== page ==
Tom Grubisich authors The New News column for Street Fight. He is editorial director of LocalAmerica, which is partnering with InstantAtlas to develop sites that will present how communities rate in livability. Local America is featured on the Reynolds Journalism Institute’s Pivot Point site.

10 thoughts on “Employees’ Overtime Suit Forces Daily Voice to Seek Bankruptcy Protection

  1. So, $29k revenue per site in 2012? Shocking that that wasn’t working out for them.

    Forget Chapter 11, just liquidate and put this dog of an investment out of its misery.

  2. This article is an absolute joke. Mr. Grubisich, could you have made it any more obvious that you are in Carll’s pocket? The way your “publication” continues to spin the atrocities of TDV as positive measures is disgusting. You, Mr. Tucker and everyone remaining at TDV should be ashamed of your actions.

    1. Why should those who remain at the company feel any shame? With the current climate is it such a terrible thing to remain working to make ends meet? Surely only a very small handful of people are calling the shots there.

      1. Should have made that more clear: I was referencing the upper management still there calling the shots. Not the reporters, who are victims in this situation.

    1. Yep, in my hurry to get the story done, I did the math in my head. My iPhone calculator, which was as close to me as my head, is a lot smarter with numbers. Correct answer: 47%.

  3. StreetFight should be ashamed of itself for consistently publishing one-sided, inaccurate articles that for some bizarre reason, paint Mr. Tucker as a victim. This is not reporting; it’s a travesty. Perhaps someone other than Tom Grubisich should be assigned the next article about The Daily Voice. He continues to print the spin he’s presented with. Lazy, sloppy “journalism.”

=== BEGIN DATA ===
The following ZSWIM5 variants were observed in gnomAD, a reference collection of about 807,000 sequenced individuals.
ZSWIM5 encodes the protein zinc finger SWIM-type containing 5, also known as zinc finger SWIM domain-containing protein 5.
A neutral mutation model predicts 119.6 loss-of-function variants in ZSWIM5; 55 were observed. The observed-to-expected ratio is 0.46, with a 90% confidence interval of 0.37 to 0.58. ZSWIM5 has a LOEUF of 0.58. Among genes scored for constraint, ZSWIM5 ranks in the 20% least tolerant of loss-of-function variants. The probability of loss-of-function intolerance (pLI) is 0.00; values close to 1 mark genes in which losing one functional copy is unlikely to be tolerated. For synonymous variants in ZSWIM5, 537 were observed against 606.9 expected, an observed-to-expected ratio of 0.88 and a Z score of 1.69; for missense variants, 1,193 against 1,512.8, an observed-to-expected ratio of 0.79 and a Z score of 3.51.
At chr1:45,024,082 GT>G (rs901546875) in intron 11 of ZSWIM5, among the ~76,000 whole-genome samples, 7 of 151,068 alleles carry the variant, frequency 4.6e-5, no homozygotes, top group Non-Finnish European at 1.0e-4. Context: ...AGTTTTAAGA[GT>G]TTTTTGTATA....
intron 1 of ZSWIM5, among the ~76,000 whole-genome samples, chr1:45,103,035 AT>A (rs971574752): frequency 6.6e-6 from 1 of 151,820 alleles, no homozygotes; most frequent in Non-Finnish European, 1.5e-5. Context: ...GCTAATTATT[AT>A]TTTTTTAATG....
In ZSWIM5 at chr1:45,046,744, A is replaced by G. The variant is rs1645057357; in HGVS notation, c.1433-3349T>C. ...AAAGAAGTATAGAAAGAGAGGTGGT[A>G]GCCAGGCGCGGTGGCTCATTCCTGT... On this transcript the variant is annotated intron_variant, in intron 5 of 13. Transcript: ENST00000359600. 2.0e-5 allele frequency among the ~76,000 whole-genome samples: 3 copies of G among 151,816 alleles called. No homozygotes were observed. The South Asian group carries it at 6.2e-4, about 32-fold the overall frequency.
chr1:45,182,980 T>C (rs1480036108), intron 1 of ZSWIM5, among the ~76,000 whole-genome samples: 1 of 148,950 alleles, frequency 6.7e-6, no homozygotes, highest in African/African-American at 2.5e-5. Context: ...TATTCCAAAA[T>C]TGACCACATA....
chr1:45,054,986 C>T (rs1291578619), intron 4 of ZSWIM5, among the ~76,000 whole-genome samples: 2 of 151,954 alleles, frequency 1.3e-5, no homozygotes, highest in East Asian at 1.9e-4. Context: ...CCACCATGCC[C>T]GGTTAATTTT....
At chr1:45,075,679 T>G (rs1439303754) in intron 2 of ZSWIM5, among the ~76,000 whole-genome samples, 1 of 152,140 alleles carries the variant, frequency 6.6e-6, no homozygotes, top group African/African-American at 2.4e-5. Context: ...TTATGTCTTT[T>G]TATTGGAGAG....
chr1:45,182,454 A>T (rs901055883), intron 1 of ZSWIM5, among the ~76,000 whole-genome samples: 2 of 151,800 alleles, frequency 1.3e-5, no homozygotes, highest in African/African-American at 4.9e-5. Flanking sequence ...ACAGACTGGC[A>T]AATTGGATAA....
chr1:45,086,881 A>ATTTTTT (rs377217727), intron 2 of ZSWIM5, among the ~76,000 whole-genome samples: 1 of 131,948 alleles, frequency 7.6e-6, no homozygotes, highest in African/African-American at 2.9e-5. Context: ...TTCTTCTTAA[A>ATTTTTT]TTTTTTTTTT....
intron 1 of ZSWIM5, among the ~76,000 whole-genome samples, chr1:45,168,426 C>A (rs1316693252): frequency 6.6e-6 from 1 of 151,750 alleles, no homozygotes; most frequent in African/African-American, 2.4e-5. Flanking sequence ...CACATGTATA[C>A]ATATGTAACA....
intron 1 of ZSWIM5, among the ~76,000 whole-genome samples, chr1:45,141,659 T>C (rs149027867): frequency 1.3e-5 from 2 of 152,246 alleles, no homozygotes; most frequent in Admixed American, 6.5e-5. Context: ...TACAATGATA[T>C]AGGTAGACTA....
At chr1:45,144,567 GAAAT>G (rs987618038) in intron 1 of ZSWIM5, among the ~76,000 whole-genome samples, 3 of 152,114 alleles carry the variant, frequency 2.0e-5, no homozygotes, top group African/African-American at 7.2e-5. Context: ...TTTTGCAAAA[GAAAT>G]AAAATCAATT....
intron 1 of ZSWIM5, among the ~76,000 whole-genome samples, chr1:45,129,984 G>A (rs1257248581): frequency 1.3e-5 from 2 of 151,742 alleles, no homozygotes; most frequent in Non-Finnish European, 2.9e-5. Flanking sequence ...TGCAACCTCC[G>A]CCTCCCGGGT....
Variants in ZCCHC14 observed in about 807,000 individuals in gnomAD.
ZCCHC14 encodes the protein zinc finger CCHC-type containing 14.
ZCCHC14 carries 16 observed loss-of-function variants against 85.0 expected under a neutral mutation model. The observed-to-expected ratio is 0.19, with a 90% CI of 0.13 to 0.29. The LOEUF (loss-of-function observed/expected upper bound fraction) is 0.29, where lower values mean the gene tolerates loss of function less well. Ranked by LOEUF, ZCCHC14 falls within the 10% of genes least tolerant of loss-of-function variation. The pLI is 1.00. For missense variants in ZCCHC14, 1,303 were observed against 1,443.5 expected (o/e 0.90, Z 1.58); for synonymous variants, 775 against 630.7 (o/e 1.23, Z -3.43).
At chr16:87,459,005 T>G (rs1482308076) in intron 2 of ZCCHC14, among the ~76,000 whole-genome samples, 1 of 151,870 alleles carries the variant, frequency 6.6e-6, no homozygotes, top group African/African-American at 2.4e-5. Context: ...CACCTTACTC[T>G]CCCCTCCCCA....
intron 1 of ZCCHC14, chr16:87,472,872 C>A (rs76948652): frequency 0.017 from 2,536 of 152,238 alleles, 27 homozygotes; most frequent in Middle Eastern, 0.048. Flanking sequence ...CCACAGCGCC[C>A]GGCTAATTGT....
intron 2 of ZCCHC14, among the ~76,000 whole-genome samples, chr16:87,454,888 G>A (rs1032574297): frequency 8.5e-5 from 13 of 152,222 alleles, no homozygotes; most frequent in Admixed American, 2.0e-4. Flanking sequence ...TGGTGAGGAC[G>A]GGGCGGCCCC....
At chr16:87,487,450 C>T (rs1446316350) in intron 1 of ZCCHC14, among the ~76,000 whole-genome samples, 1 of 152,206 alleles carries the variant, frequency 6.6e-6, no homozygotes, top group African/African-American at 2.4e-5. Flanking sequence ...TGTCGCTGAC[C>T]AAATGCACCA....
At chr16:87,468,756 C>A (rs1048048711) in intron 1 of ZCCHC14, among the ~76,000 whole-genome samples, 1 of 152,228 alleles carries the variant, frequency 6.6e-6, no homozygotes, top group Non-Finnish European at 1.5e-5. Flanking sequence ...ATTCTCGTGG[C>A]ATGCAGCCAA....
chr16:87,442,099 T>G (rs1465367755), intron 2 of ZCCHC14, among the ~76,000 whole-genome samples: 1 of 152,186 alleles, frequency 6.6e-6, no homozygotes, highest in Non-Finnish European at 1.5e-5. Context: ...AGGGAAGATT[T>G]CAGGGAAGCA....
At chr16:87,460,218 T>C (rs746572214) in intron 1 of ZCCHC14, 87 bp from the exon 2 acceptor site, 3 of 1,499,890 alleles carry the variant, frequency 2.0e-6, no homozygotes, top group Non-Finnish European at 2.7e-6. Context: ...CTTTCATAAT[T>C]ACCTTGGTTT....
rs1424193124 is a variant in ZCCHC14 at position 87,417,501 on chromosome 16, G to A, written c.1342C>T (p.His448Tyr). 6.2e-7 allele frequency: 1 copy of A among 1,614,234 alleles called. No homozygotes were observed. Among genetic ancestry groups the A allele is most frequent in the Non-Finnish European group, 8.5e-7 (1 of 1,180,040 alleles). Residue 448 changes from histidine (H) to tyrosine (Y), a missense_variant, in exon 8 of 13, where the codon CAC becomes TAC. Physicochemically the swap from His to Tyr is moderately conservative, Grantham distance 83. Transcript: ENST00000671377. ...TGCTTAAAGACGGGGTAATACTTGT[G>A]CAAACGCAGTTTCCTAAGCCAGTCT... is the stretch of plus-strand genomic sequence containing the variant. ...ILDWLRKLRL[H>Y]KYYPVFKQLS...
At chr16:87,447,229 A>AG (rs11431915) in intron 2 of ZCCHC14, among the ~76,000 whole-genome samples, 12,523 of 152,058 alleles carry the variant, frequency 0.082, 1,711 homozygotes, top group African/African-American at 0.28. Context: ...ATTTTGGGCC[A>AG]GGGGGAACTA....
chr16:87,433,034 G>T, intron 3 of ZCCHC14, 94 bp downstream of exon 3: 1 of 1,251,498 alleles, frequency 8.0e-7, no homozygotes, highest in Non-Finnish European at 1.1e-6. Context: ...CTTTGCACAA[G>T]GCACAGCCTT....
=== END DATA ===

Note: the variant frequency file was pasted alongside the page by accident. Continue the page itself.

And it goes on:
4. Bad math (revenues were up LESS than 50 percent, not more) and bad reporting. Ever think about talking to former reporters not involved in the suit? (FYI, 3, reporters, not 2, were listed in papers filed June 5, 2012). You let Mr. Tucker allude to reporters not being like factory workers, but do not check to see if they were TREATED like factory workers. Original requirement was 5 stories (assets, he called them) per day, 25 a week. Plus calendar listings. Plus internal meetings. In my decades in the business at dailies and weeklies, I never found a place with that kind of requirement, although I did work for a weekly group in Massachusetts with a 10-story weekly requirement. That group lost a similar law suit to a group of employees.

    You did a CYA with the lawyers for the plaintiffs, but stopped there. You allowed Mr. Tucker to spin the story that these ingrates were forcing him to spend all that money in legal fees without stopping to consider that, had he not violated labor laws, he would not have to try to defend himself with his silly assertion that rank-and-file, low-wage reporters are somehow exempt from protection. And, apparently, the courts allowed the suit to move forward, so it was not judged to be without merit. Now the millionaire Mr. Tucker intends to shaft the lawyers like he shafted his hard-working reporters, then like he shaft 45 members of his company in March with a “everything is great” email followed 2 days later by “I meant everything’s great for the low-wage workers we are not laying off and who will be forced to do more work to make up for the people I fired with NO SEVERENCE. Mr. Grubisch, your reporting would not get past my desk as an editor, and Street Fight should be ashamed of itself for allowing it to see the light of day. Readers should check out the Wall Streeet Journal site for a more complete take: http://blogs.wsj.com/bankruptcy/2013/05/08/extra-extra-read-all-about-the-daily-voices-bankruptcy/